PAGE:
Radical Islamist on the run from Paris prison

A radicalized Frenchman has gone on the run after being granted a brief leave of absence from a prison in the suburbs of Paris. He reportedly told inmates they would "soon be hearing about him".

Radical Islamist on the run from Paris prison
The man did not return from a temporary leave of absence from a Paris prison last week. Photo: AFP
The man, who was serving time for armed and violent robbery, was granted temporary leave of absence from the Chauconin-Meaux prison in Seine-et-Marne, east of Paris. 
Authorities were confident that the man would return on time, just as he had done several times before. 
But as his curfew rolled around on Sunday the September 20th, it soon became clear he had failed to return.
What is perhaps concerning authorities the most is that the escaped man reportedly told fellow inmates that they would “soon be hearing about him”, reported Le Point newspaper.
While police have launched an immediate manhunt, at least one official has spoken out of their concern that a radicalized prisoner is at large.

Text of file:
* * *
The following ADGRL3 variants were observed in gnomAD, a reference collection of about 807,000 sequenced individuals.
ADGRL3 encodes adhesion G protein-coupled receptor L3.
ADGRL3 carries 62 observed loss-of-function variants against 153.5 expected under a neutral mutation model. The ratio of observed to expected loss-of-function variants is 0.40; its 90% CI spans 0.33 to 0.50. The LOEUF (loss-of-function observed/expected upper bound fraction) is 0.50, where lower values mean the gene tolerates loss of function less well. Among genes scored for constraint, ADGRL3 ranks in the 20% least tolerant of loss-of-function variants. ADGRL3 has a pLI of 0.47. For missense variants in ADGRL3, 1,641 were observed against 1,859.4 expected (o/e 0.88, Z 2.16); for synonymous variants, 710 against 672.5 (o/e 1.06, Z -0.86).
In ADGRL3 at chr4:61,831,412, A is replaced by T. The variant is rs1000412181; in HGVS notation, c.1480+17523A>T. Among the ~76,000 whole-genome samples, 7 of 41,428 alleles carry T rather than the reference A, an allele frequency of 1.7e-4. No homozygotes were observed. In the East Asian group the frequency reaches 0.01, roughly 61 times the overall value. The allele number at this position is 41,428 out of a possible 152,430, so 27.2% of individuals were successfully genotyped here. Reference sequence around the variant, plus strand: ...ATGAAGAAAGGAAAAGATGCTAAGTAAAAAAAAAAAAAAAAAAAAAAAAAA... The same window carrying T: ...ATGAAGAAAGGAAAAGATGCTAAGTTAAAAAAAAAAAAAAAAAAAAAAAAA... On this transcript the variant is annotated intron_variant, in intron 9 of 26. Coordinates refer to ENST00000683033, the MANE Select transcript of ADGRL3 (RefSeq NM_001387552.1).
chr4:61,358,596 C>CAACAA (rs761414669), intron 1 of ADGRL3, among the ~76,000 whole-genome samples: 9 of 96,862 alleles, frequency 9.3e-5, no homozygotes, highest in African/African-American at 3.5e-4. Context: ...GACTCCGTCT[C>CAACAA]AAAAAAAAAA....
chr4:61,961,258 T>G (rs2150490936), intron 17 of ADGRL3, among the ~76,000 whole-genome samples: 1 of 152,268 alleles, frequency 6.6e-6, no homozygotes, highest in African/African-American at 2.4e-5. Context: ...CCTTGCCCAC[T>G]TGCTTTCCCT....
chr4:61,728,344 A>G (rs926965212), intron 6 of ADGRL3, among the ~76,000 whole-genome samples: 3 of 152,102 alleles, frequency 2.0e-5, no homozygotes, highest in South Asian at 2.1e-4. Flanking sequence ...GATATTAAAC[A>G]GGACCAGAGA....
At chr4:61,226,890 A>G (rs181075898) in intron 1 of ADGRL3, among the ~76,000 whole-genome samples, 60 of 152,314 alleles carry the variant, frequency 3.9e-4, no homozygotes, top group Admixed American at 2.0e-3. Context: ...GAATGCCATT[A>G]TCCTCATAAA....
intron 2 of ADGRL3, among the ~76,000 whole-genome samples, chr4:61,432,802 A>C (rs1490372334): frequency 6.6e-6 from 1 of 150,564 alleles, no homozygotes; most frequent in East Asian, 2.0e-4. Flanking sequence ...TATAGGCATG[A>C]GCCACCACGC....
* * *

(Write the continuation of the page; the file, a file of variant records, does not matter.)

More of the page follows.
Republican party MP Eric Ciotti called on France's Justice Minister Christiane Taubira to explain why a known radical Islamist could be granted a temporary leave of absence from prison in the first place. 
France has a troubling history when it comes to radicals who have served prison time. 
Cherif Kouachi, one of the two brothers who killed 12 people during the January attack on satirical weekly Charlie Hebdo, is believed to have developed more extreme radical beliefs while serving a three-year prison sentence.
While behind bars at the Fleury-Merogisou prison, Kouachi met Amedy Coulibaly, the repeat criminal offender who gunned down a policewoman in southern Paris, followed by four Jewish shoppers in a hostage drama at a kosher supermarket.
Both men became influenced by the views of Djamel Beghal, a renowned figure of French Islamist extremism on a ten-year prison sentence for planning suicide bomb attacks and plotting to destroy the US embassy in Paris in 2001.
Cherif Kouachi's case is similar to that of Mohammed Merah, the perpetrator of the 2012 Toulouse and Montauban shootings which led to the death of seven French soldiers and Jewish civilians, including children.
French investigators at the time described how during the “confession” made by Merah as police officers negotiated with him during the final siege, he told them his path to radical Islam began while serving a prison sentence for robbery.

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